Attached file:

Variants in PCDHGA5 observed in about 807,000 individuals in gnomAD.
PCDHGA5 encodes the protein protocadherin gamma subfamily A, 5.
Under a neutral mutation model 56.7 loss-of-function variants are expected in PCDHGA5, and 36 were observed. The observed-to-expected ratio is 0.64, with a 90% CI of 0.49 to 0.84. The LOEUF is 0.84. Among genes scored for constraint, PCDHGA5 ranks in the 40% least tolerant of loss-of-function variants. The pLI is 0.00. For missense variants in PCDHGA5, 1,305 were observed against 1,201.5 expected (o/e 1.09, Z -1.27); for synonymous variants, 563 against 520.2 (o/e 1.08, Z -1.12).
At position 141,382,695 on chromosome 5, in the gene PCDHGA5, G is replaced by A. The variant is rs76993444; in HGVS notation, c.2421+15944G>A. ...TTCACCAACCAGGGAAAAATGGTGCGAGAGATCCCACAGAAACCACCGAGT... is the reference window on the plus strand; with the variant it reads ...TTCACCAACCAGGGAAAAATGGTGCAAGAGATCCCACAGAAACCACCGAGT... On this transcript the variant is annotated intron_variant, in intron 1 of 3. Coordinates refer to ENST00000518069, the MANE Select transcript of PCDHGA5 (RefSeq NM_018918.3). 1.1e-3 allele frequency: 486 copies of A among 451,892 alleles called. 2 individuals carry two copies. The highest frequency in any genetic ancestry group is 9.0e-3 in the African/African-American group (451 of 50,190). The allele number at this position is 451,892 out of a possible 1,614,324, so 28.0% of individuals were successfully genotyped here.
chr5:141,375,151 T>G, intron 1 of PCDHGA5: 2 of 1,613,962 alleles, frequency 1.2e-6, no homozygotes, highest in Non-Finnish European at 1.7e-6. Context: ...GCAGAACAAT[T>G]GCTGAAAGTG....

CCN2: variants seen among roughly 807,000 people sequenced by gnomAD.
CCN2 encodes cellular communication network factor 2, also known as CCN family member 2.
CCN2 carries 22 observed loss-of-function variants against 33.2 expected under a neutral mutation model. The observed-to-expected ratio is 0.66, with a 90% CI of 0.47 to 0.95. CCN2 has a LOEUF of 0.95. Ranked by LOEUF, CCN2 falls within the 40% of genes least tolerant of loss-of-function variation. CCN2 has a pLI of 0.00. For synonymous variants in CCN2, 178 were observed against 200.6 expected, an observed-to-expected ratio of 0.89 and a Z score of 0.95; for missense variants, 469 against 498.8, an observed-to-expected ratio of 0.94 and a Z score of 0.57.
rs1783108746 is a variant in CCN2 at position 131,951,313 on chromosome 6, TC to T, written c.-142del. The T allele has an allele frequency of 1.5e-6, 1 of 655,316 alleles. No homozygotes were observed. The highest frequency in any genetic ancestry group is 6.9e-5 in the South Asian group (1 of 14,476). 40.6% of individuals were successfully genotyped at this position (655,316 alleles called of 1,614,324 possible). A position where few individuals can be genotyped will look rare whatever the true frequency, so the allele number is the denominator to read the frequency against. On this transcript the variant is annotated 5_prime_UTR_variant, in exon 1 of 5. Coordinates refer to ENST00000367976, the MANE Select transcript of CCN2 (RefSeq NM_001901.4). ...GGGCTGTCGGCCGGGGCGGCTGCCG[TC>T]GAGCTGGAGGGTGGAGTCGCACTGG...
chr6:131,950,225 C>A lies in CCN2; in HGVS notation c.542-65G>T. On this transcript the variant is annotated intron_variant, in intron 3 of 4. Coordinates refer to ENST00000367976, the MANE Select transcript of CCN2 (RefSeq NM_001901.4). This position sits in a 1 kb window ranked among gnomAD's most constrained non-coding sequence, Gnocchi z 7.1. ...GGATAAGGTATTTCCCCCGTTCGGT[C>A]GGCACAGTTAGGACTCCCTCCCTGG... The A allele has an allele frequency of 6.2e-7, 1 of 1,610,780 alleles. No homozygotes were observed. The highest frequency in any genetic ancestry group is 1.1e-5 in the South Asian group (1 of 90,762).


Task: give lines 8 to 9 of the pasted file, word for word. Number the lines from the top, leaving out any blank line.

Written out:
CCN2 carries 22 observed loss-of-function variants against 33.2 expected under a neutral mutation model. The observed-to-expected ratio is 0.66, with a 90% CI of 0.47 to 0.95. CCN2 has a LOEUF of 0.95. Ranked by LOEUF, CCN2 falls within the 40% of genes least tolerant of loss-of-function variation. CCN2 has a pLI of 0.00. For synonymous variants in CCN2, 178 were observed against 200.6 expected, an observed-to-expected ratio of 0.89 and a Z score of 0.95; for missense variants, 469 against 498.8, an observed-to-expected ratio of 0.94 and a Z score of 0.57.
rs1783108746 is a variant in CCN2 at position 131,951,313 on chromosome 6, TC to T, written c.-142del. The T allele has an allele frequency of 1.5e-6, 1 of 655,316 alleles. No homozygotes were observed. The highest frequency in any genetic ancestry group is 6.9e-5 in the South Asian group (1 of 14,476). 40.6% of individuals were successfully genotyped at this position (655,316 alleles called of 1,614,324 possible). A position where few individuals can be genotyped will look rare whatever the true frequency, so the allele number is the denominator to read the frequency against. On this transcript the variant is annotated 5_prime_UTR_variant, in exon 1 of 5. Coordinates refer to ENST00000367976, the MANE Select transcript of CCN2 (RefSeq NM_001901.4). ...GGGCTGTCGGCCGGGGCGGCTGCCG[TC>T]GAGCTGGAGGGTGGAGTCGCACTGG...